The Urban Nature Project
Communities acting for local wildlife
We're transforming our outdoor space to start a new urban nature movement.
It has never been more important to make our towns and cities healthy and sustainable places to live.
Wildlife is in trouble in the UK. The natural world faces unprecedented declines and needs help now more than ever. We particularly need to understand and protect the nature in our cities, so monitoring its changes is vital.
Everyone can play a part in giving nature a helping hand, so we're working in partnership to inspire a national urban biodiversity movement.
Read about our plans in detail below.
The Urban Nature Project
The Museum's five-acre site in South Kensington is being transformed into a welcoming, accessible and biologically diverse green space in the heart of London.
New outdoor galleries will showcase the Museum's scientific research and provide a space for the public to enjoy and explore urban nature. Access to the garden will also be improved, with universal step-free routes across the site.
The existing Wildlife Garden will be extended to double the area of native habitats within the grounds, providing a fabulous setting for our historic building.
Museum staff will also work with organisations across the UK to inspire the next generation, create new opportunities for young people in cities and help everyone to learn about humanity's impact on the natural world.
See the developing designs
The designs for the new gardens are developing.
A planning application has been submitted to the Royal Borough of Kensington and Chelsea. It is available to comment on until 28 August 2020, and a decision is expected later in the year.
Thank you to everyone who took part in our consultation earlier in 2020. Find out more about how we are responding to your valuable feedback.
- The design teams leading the gardens transformation are Feilden Fowles and J & L Gibbons, and the project management consultants are Mace.
- The Museum has also worked with several external experts and consultants who have provided feedback at critical points in during the design process.
- Building work is due to start in 2021 and the transformed gardens are due to be opened in 2023.
The Urban Nature Project will develop the scientific tools and skills urgently needed to monitor, understand and protect urban nature.
Understanding how wildlife is responding to change requires large volumes of data. The Museum will take the lead in convening a national partnership of urban nature professionals, including academic researchers and conservation practitioners.
The gardens will become a hub for urban nature identification and field survey skills. We will pilot a range of technologies for monitoring change in urban environments, including eDNA and acoustic monitoring, and will share these with our partners alongside a DNA library and teaching collection.
A series of workshops on how to best monitor and manage urban nature will be run in partnership with the London Wildlife Trust.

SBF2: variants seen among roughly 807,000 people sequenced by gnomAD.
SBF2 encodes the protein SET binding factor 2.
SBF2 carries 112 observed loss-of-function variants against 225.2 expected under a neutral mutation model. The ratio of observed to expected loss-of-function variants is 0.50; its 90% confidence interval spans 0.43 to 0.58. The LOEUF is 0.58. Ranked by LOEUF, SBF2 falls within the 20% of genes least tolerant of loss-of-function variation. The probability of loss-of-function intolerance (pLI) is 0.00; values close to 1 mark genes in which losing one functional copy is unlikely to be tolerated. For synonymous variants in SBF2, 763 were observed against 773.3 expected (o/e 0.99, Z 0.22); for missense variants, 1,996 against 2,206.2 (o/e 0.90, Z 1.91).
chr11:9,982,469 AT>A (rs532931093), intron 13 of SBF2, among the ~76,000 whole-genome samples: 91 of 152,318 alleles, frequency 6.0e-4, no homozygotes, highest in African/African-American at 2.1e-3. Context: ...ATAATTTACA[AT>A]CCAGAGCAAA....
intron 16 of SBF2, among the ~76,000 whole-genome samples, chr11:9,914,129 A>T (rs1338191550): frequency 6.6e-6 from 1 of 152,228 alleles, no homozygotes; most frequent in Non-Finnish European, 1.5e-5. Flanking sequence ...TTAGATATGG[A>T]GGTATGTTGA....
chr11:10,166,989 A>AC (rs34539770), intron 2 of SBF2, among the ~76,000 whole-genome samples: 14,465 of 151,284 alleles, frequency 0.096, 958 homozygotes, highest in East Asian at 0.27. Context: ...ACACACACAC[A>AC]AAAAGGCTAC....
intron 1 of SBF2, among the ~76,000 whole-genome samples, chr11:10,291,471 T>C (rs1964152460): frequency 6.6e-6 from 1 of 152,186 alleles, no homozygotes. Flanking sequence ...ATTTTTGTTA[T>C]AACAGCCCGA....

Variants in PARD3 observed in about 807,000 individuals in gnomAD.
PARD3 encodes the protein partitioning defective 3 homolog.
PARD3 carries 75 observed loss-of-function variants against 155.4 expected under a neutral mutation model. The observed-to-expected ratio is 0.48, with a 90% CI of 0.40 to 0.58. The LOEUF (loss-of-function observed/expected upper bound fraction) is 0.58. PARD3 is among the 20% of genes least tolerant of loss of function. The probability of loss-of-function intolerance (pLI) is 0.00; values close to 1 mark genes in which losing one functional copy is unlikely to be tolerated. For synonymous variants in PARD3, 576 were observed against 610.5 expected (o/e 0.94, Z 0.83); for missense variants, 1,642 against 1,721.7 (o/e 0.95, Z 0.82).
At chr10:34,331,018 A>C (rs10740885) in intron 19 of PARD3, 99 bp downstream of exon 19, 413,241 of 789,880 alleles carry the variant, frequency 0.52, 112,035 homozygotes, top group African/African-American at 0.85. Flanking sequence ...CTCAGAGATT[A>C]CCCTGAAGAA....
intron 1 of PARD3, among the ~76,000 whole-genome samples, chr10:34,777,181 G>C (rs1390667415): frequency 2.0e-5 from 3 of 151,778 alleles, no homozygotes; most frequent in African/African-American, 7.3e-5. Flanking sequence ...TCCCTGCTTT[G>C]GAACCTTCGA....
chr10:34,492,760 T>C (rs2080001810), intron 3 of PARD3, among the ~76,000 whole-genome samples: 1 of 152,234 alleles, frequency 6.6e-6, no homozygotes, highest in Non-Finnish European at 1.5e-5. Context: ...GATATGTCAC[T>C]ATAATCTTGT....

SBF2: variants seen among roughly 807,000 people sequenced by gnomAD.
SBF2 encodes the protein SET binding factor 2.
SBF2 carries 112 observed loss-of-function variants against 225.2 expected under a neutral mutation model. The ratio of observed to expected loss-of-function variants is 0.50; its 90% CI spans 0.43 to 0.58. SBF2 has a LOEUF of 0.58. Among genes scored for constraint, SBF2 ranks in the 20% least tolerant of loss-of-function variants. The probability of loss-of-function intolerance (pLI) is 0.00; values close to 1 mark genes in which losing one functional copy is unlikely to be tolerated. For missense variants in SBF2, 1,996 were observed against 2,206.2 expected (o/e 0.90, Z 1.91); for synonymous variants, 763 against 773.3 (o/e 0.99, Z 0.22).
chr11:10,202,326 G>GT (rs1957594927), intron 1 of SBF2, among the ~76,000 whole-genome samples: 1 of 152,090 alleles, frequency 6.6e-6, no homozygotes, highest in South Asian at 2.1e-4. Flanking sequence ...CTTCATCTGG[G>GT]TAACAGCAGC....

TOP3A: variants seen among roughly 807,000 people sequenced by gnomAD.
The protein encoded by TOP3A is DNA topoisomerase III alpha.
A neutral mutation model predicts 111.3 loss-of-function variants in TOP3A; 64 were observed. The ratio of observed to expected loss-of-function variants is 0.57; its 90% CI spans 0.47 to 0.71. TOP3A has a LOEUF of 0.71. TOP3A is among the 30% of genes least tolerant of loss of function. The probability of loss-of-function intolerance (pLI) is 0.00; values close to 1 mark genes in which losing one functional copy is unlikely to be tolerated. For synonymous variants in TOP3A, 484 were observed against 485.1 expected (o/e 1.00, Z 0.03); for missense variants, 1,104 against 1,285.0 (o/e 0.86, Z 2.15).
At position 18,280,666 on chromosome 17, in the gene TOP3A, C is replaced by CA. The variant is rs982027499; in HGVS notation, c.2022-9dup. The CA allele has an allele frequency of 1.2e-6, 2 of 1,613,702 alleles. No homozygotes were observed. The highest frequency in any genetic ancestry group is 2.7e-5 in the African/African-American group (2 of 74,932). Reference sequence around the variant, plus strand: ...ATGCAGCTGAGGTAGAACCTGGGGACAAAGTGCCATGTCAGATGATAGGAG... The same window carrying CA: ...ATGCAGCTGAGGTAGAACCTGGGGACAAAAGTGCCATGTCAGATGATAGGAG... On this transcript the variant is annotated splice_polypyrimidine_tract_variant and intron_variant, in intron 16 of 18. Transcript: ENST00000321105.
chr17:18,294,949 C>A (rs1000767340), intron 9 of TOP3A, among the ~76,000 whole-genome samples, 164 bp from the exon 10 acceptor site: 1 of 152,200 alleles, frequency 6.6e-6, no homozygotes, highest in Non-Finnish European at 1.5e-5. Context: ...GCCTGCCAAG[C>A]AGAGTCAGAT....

Up to five new long-term urban wildlife study and engagement sites across the UK will also be established to act as test beds for how best to manage urban spaces for wildlife.
A note on COVID-19
At a time when many of us are confined to our homes, the nature on our doorsteps has never been more important or appreciated. But it is also under threat like never before.
We're continuing to safely progress plans for the Urban Nature Project because the issues of climate change and biodiversity loss have not gone away. The Urban Nature Project is allowing us to safeguard the future of the natural world.
The future of the natural world is in our hands. We're doing our bit to protect it because our vision is of a future where both people and planet thrive.
Earth is changing fast under the influence of human behaviour, and biodiversity loss - the loss of the great variety of life - is just one of the consequences. Humans rely on this nature to survive, so protecting biodiversity means protecting generations to come.
Engaging with biodiversity begins at home, yet it is declining in the UK.
Over 80% of the UK population live in urban areas, and this is projected to rise to 92% by 2030, leading to larger cities and more challenges for wildlife. This means towns and cities are rapidly becoming where most people will experience nature, therefore key places to protect the UK's biodiversity.
We need to learn more, connect with each other and act together to protect our urban nature, and we need to do it now.
The Museum has a funding strategy to independently raise funds for the project through donations and sponsorship.
The project has received initial support from The National Lottery Heritage Fund. Development funding of £210,900 has been awarded to help the Museum progress plans to apply for a full National Lottery grant of £3,231,900 at a later date.
The Urban Nature Project has been generously supported by the following donors:
- Kirk B Alexander
- The Cadogan Charity
- The Evolution Education Trust
- Garfield Weston Foundation
- The Hobson Charity
- Huo Family Foundation (UK) Limited
- Johnson Matthey
- The National Lottery Heritage Fund
- Angela and Harvey Soning
- William Brake Charitable Trust